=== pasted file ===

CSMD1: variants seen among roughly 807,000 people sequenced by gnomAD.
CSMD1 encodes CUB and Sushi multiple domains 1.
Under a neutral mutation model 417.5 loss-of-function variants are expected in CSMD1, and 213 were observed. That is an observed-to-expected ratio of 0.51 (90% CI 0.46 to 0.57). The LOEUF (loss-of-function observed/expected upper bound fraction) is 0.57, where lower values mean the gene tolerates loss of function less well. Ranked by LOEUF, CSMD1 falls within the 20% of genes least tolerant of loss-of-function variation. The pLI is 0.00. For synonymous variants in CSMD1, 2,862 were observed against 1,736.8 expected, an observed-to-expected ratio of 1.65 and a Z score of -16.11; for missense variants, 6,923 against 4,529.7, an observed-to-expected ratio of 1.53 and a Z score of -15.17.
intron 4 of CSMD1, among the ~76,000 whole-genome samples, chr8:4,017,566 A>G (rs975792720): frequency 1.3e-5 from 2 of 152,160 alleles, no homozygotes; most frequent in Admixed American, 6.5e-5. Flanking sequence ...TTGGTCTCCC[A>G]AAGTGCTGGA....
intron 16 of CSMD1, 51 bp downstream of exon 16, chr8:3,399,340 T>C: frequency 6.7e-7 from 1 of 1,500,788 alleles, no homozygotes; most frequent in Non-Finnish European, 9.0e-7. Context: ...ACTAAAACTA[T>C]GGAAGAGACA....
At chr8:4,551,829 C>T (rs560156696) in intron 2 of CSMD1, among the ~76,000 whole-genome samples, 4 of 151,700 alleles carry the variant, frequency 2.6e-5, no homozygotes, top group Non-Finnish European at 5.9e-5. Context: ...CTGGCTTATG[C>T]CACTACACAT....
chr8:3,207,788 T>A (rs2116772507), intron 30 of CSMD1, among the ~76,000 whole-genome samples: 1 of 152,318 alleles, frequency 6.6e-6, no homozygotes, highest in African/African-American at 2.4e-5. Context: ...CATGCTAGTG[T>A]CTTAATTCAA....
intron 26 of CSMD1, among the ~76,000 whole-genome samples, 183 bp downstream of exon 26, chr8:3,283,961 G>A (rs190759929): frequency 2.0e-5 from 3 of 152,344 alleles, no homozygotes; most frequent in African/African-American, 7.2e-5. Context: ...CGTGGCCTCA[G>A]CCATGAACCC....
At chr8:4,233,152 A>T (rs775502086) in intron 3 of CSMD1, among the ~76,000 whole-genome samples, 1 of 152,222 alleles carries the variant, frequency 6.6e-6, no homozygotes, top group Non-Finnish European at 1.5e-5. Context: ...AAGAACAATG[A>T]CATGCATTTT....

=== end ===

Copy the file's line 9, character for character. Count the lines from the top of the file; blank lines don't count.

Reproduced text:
At chr8:4,233,152 A>T (rs775502086) in intron 3 of CSMD1, among the ~76,000 whole-genome samples, 1 of 152,222 alleles carries the variant, frequency 6.6e-6, no homozygotes, top group Non-Finnish European at 1.5e-5. Context: ...AAGAACAATG[A>T]CATGCATTTT....